Time is running out to spend your paper £5 notes

Some banks and building societies may still accept paper 5 notes after May 5, but this is at their own discretion.
Some banks and building societies may still accept paper 5 notes after May 5, but this is at their own discretion.
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People have just a month left to spend or bank the 160 million paper fivers still in circulation before they lose their legal tender status.

From May 5, shops no longer have to accept the paper £5 note featuring prison reformer Elizabeth Fry as payment, and the new polymer banknote featuring Sir Winston Churchill will be the only Bank of England £5 note with legal tender status.

The Bank of England said more than 50% of "Fry fivers" have already been returned to be destroyed, leaving around 160 million in circulation.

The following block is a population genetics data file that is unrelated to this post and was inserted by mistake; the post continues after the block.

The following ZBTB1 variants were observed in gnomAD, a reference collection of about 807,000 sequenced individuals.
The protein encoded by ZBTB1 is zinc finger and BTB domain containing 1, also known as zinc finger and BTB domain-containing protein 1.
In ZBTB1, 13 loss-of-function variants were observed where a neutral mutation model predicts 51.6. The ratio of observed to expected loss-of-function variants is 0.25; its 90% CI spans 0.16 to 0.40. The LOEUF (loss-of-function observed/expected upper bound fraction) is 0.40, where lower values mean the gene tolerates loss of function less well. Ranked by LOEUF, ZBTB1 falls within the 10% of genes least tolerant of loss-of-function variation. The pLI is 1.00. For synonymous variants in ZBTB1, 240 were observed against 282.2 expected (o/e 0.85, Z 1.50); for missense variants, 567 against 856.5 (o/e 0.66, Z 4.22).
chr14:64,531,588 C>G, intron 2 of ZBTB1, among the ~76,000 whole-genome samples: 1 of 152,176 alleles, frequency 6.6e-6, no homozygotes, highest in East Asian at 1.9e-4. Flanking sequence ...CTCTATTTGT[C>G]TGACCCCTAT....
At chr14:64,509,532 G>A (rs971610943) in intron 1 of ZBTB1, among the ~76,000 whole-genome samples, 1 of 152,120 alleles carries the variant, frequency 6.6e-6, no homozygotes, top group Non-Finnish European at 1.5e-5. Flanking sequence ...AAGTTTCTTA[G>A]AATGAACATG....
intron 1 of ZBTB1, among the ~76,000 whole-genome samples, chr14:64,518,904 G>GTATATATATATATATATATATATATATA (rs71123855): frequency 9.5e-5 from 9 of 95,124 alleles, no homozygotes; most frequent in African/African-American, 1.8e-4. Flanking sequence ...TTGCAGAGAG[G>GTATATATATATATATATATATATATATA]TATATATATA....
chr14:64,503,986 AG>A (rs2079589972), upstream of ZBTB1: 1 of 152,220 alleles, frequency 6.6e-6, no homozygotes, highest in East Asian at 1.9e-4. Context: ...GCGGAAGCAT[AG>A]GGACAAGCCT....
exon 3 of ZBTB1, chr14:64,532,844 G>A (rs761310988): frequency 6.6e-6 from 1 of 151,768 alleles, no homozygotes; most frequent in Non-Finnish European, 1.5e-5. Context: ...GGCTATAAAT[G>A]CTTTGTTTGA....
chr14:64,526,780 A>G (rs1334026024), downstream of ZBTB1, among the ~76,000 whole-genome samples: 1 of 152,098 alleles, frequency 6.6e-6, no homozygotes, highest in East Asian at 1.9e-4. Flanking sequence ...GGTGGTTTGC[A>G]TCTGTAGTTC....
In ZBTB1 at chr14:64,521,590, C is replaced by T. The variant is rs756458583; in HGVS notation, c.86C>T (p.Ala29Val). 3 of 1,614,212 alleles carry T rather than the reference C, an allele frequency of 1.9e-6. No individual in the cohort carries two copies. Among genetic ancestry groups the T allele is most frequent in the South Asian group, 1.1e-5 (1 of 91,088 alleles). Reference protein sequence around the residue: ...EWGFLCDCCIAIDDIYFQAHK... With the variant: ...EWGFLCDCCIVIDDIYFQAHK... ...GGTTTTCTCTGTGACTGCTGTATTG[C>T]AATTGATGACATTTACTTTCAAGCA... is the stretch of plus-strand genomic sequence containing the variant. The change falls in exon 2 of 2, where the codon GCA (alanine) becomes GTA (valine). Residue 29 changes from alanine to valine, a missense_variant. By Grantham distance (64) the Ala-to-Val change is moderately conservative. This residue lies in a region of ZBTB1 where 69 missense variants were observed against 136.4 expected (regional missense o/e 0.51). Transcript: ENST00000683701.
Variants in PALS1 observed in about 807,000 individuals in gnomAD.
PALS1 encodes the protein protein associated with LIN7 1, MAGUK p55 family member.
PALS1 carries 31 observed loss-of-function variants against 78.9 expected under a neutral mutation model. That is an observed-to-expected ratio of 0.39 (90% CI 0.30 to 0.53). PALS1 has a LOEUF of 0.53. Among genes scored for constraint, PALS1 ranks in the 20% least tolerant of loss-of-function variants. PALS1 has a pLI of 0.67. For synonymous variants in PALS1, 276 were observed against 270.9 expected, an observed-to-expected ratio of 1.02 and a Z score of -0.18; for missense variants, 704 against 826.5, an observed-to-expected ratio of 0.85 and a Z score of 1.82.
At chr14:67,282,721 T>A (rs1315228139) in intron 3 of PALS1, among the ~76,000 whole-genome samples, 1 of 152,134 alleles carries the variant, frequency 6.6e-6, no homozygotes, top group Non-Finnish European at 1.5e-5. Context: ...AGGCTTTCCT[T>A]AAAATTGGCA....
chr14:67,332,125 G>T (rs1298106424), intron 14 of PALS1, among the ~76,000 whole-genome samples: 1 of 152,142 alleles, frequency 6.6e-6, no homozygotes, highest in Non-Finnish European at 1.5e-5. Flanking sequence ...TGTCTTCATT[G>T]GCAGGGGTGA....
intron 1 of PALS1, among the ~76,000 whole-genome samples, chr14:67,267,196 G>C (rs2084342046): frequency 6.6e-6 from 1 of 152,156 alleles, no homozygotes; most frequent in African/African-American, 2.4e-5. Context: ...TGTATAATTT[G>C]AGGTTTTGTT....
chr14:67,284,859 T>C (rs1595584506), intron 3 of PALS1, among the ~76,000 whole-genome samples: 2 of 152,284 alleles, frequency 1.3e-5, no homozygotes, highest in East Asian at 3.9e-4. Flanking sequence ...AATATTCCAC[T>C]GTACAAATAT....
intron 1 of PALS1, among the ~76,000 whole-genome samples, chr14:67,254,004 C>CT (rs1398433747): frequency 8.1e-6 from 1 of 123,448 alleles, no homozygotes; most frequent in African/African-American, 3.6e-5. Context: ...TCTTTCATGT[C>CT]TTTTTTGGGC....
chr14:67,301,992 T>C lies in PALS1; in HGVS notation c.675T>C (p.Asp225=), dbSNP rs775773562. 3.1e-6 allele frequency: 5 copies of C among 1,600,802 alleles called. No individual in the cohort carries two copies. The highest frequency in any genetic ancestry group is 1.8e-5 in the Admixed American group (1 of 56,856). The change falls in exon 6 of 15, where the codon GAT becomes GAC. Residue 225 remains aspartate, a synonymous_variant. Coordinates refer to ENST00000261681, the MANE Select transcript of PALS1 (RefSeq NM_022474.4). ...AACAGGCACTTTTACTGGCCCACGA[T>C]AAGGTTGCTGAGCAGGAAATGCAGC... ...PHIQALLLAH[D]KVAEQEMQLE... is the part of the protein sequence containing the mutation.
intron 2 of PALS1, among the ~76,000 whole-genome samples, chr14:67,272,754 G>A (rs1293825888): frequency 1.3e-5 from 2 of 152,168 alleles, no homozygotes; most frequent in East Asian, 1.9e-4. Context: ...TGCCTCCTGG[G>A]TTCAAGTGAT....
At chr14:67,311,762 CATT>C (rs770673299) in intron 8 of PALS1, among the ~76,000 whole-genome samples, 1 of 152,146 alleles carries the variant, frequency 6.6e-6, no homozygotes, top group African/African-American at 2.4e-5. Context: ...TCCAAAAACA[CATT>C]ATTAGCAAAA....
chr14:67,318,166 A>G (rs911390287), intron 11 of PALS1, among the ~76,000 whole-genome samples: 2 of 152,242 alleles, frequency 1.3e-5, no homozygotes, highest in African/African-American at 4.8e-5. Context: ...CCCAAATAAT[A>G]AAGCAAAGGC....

Some banks and building societies may still accept paper £5 notes after May 5, but this is at their own discretion. The Bank of England will continue to exchange the old £5 notes for all time, as it would for any other Bank note which no longer has legal tender status.

The old paper fiver and the new £5 note have co-existed since the polymer banknote was first issued by the Bank in September 2016.

The new Bank of England fiver is stronger than its predecessor and boasts new security features making it harder to counterfeit. But it has been controversial as it emerged that traces of animal-derived additives were used in its production.

A public consultation has been launched by the Bank into how it produces new £20 polymer notes.

The Bank previously said it has held off signing supply contracts for the £20 polymer note, which is due to be released in 2020, in order to better understand "the range of public opinion" surrounding the use of tallow in banknote production and explore potential plant-based substitutes like palm and coconut oil.

In September this year, the Bank will issue a new £10 polymer note featuring author Jane Austen, recognising "her universal appeal and enduring contribution to English literature".